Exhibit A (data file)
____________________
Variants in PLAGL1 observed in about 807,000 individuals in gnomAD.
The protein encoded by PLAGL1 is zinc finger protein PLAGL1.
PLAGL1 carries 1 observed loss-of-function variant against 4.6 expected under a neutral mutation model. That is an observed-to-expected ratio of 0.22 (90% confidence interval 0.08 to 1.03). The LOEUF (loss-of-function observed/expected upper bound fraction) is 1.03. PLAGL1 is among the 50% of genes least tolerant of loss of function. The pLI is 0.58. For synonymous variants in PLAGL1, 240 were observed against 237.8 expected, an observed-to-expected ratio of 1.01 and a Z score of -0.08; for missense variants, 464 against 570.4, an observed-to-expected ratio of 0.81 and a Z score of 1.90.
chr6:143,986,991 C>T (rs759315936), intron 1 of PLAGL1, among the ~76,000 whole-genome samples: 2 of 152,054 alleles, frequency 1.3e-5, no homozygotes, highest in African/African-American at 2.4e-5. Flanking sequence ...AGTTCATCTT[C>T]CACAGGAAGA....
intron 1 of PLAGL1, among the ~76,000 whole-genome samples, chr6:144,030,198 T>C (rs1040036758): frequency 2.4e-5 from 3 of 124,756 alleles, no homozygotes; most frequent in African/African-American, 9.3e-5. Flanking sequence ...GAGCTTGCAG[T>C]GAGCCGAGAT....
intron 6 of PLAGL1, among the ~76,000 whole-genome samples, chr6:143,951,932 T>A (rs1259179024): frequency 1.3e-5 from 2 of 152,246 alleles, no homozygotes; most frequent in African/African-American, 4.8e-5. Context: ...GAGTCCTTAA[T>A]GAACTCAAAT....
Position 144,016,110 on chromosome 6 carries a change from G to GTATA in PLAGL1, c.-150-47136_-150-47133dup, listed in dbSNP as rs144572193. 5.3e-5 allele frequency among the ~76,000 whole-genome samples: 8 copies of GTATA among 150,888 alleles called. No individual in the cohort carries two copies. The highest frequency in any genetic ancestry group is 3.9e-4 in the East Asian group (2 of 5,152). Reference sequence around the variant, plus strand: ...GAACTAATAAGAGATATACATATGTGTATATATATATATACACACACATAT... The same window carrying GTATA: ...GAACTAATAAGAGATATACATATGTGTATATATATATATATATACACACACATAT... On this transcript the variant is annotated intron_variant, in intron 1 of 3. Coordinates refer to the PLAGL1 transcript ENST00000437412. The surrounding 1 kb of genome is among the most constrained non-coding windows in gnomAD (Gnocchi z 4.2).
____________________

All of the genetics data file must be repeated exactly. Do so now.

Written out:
Variants in PLAGL1 observed in about 807,000 individuals in gnomAD.
The protein encoded by PLAGL1 is zinc finger protein PLAGL1.
PLAGL1 carries 1 observed loss-of-function variant against 4.6 expected under a neutral mutation model. That is an observed-to-expected ratio of 0.22 (90% confidence interval 0.08 to 1.03). The LOEUF (loss-of-function observed/expected upper bound fraction) is 1.03. PLAGL1 is among the 50% of genes least tolerant of loss of function. The pLI is 0.58. For synonymous variants in PLAGL1, 240 were observed against 237.8 expected, an observed-to-expected ratio of 1.01 and a Z score of -0.08; for missense variants, 464 against 570.4, an observed-to-expected ratio of 0.81 and a Z score of 1.90.
chr6:143,986,991 C>T (rs759315936), intron 1 of PLAGL1, among the ~76,000 whole-genome samples: 2 of 152,054 alleles, frequency 1.3e-5, no homozygotes, highest in African/African-American at 2.4e-5. Flanking sequence ...AGTTCATCTT[C>T]CACAGGAAGA....
intron 1 of PLAGL1, among the ~76,000 whole-genome samples, chr6:144,030,198 T>C (rs1040036758): frequency 2.4e-5 from 3 of 124,756 alleles, no homozygotes; most frequent in African/African-American, 9.3e-5. Flanking sequence ...GAGCTTGCAG[T>C]GAGCCGAGAT....
intron 6 of PLAGL1, among the ~76,000 whole-genome samples, chr6:143,951,932 T>A (rs1259179024): frequency 1.3e-5 from 2 of 152,246 alleles, no homozygotes; most frequent in African/African-American, 4.8e-5. Context: ...GAGTCCTTAA[T>A]GAACTCAAAT....
Position 144,016,110 on chromosome 6 carries a change from G to GTATA in PLAGL1, c.-150-47136_-150-47133dup, listed in dbSNP as rs144572193. 5.3e-5 allele frequency among the ~76,000 whole-genome samples: 8 copies of GTATA among 150,888 alleles called. No individual in the cohort carries two copies. The highest frequency in any genetic ancestry group is 3.9e-4 in the East Asian group (2 of 5,152). Reference sequence around the variant, plus strand: ...GAACTAATAAGAGATATACATATGTGTATATATATATATACACACACATAT... The same window carrying GTATA: ...GAACTAATAAGAGATATACATATGTGTATATATATATATATATACACACACATAT... On this transcript the variant is annotated intron_variant, in intron 1 of 3. Coordinates refer to the PLAGL1 transcript ENST00000437412. The surrounding 1 kb of genome is among the most constrained non-coding windows in gnomAD (Gnocchi z 4.2).